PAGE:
Phillip Proyce of Lady White Co.

Dedicating a brand to classic pieces and elevated basics is harder than it may seem. With nowhere to hide in logos and embellishments, a garment is judged and loved on the most minute of details. The fit, the fabric and the construction. Something Lady White Co have mastered. Founded by Phillip Proyce in 2015, with a clear focus on USA Sportswear classics, Lady White Co has become a revered Los Angeles designed and made brand.

Their small factory located in Burbank, CA has been owned by Peter for over 35 years. Peter recently walked LWC through his space, which was full of personal touches amongst the massive ribbing machines. We can feel the story that these images tell. One of a factory owner in the US in an ever struggling industry that continues to move its production overseas.

Read on below to see images of their LA store and factory, as well as words from founder Phillip Proyce.

KC: You founded the brand in 2015, when looking back over the past 5 years, what are you most proud of?

PP: I'm still most proud of our first product we put out - "Our White T-shirt". After 5 years it's still what our customers keep coming back for.

KC: Any big lessons you’ve learnt along the way you could share?

PP: Biggest lesson learned is how important our whole team is. We only have 4 people at the studio/warehouse and everyone plays such a big part to keep things moving.

KC: What are your favourite pieces from the current collection?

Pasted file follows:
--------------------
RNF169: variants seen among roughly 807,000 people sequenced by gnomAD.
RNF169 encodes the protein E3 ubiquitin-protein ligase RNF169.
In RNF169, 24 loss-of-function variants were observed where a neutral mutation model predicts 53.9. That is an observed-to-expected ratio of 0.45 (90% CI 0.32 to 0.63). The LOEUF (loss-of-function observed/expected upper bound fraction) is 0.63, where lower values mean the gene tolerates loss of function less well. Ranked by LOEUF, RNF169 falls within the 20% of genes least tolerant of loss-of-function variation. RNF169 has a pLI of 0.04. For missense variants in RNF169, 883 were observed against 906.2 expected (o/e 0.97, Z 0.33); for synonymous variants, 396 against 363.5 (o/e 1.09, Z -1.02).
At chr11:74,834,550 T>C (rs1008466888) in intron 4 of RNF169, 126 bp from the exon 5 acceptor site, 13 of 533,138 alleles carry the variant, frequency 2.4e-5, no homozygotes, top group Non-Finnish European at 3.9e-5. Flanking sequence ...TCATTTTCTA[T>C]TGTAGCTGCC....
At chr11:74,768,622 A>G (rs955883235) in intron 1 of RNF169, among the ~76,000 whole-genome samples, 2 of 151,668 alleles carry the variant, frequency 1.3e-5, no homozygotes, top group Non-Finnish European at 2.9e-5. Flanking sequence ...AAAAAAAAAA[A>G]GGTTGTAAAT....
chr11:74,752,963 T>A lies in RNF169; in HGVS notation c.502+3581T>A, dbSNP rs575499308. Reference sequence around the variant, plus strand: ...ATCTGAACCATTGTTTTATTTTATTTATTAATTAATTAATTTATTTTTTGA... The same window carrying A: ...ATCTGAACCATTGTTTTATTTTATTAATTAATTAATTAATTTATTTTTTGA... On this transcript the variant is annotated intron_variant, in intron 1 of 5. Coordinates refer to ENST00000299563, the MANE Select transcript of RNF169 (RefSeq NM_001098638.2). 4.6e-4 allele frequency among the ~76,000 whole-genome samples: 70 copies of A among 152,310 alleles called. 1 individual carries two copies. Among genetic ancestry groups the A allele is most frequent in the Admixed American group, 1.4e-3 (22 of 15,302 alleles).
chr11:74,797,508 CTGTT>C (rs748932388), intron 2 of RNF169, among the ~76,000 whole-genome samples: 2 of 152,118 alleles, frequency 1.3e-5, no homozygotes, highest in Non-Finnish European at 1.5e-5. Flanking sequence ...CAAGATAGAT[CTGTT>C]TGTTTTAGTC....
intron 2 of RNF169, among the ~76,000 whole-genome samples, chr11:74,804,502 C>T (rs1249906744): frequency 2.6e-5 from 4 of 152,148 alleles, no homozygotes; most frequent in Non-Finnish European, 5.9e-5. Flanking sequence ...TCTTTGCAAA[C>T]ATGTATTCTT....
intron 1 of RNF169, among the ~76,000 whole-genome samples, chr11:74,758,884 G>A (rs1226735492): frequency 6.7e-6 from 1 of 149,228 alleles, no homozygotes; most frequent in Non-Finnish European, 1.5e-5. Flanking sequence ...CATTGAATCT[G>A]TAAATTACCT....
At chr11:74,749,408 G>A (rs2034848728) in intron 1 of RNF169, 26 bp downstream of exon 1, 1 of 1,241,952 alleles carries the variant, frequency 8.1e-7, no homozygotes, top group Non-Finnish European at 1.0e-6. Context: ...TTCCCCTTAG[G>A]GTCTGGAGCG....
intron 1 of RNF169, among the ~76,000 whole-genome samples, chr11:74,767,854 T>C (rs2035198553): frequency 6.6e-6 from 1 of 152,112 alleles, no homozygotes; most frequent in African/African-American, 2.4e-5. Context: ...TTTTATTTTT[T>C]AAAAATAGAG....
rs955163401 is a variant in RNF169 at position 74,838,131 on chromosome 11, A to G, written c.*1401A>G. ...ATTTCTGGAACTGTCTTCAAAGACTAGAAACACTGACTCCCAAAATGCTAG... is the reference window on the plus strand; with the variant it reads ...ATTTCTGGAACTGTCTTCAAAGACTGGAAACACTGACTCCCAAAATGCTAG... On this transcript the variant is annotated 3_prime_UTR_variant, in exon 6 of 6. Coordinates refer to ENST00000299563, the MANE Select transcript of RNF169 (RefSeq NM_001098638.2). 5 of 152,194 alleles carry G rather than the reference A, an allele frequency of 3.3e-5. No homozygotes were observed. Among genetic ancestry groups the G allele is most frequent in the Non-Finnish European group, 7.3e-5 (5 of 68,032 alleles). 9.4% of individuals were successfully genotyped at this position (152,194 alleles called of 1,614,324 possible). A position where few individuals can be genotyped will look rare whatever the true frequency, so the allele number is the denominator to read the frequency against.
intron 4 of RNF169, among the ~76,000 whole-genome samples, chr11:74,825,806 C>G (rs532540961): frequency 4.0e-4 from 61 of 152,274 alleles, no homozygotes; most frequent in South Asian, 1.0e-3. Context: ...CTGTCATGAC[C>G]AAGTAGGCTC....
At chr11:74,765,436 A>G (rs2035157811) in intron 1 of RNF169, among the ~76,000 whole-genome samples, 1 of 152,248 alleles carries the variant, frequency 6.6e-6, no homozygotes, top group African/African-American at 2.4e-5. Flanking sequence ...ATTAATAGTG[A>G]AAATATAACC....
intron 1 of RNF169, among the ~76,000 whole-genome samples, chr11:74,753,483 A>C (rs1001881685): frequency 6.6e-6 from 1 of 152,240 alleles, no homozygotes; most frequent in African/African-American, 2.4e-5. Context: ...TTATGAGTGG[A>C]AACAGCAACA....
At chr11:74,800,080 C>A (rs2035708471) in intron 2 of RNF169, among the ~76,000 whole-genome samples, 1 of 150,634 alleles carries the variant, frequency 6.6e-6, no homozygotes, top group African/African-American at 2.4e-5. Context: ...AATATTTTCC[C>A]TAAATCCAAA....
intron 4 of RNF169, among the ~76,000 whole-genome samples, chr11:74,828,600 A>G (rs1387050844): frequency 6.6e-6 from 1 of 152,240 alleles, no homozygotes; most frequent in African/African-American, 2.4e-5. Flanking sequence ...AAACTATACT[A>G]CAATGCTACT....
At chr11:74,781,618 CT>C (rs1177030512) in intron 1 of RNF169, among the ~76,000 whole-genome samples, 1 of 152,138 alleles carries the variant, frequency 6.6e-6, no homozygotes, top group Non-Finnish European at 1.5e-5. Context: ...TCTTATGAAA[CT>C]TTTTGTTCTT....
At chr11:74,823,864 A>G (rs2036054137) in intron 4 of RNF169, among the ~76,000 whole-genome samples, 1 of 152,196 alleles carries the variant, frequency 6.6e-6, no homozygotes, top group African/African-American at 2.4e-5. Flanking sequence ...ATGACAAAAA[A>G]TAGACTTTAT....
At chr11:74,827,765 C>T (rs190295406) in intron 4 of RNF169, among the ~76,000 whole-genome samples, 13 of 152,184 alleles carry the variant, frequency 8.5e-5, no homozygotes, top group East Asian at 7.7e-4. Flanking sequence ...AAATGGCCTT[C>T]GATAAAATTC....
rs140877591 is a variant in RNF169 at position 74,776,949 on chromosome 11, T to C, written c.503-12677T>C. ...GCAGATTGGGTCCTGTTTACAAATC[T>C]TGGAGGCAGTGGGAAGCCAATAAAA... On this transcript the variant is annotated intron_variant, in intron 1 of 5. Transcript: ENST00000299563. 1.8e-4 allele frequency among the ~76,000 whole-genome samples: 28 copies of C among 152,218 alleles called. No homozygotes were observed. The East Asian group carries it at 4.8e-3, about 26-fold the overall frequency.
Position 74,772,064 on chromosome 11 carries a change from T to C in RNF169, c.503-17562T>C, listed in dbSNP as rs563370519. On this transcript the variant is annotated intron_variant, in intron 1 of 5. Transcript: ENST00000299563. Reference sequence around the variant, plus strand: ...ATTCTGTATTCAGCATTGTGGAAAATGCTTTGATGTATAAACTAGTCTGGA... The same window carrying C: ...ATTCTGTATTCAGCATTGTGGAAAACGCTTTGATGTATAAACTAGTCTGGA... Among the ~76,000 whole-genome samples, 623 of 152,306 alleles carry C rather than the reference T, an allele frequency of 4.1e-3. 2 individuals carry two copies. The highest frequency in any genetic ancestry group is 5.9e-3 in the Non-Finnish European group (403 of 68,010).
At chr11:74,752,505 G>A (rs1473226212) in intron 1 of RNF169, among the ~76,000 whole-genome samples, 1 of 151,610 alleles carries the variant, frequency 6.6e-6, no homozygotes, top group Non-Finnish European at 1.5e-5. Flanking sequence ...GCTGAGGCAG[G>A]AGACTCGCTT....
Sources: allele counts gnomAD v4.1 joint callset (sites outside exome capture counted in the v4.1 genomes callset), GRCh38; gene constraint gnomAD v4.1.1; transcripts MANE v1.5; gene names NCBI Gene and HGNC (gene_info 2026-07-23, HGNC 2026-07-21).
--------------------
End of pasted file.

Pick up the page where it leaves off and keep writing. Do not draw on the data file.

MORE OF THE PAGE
PP: The S/S Placket Polos.

KC: Tell us a little about your creative process?

The process is not very linear - but the general process is usually surrounded by researching photography and sketching. After that, it goes in all directions. A garment can start from the most far out idea, but the biggest reward is seeing someone move in it.

KC: What makes a great T-Shirt?

Fit, fabric, and construction - then balancing those three in the best way possible.

KC: You’ve specifically chosen to keep your manufacturing local to LA, including the use of US farmed cotton. Tell us more about this decision.

PP: Local manufacturing is super important for us. Clothing has it's obvious harmful effects on the planet and keeping things local really minimizes that impact. Not to mention an array of other benefits including fair labor practices and good quality.

KC: Favourite office tunes? What gets you in the zone?

PP: Mamman Sani Abdoulaye Unreleased tapes 1981-1984

KC: What is coming up next for LWC?

We are really proud of the AW20 collection, we've developed a Cotton/Nylon fabric in black that we used across a couple new styles.

KC: And last one as we can never have too many recommendations...  What are you watching or reading right now?

Shoe Dog, a memoir of Nike Co-Founder Phil Knight.